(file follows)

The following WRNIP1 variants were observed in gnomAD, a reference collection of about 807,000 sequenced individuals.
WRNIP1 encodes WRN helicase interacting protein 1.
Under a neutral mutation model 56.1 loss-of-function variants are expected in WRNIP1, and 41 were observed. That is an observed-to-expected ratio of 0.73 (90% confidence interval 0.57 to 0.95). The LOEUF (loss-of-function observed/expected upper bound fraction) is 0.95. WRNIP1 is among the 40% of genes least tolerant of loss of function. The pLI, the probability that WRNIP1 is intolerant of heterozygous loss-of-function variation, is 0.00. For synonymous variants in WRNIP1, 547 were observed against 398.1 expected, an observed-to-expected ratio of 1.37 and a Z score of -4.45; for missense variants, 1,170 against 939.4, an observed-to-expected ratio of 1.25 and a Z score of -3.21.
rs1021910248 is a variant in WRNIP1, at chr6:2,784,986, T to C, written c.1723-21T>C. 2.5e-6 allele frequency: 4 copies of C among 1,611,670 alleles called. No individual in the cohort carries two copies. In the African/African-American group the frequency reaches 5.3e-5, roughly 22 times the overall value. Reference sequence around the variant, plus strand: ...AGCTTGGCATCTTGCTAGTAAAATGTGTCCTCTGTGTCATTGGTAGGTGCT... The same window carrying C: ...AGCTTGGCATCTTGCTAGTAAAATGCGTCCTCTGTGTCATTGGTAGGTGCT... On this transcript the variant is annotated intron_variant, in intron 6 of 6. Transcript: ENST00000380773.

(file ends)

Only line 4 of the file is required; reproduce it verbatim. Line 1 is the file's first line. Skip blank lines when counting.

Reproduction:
rs1021910248 is a variant in WRNIP1, at chr6:2,784,986, T to C, written c.1723-21T>C. 2.5e-6 allele frequency: 4 copies of C among 1,611,670 alleles called. No individual in the cohort carries two copies. In the African/African-American group the frequency reaches 5.3e-5, roughly 22 times the overall value. Reference sequence around the variant, plus strand: ...AGCTTGGCATCTTGCTAGTAAAATGTGTCCTCTGTGTCATTGGTAGGTGCT... The same window carrying C: ...AGCTTGGCATCTTGCTAGTAAAATGCGTCCTCTGTGTCATTGGTAGGTGCT... On this transcript the variant is annotated intron_variant, in intron 6 of 6. Transcript: ENST00000380773.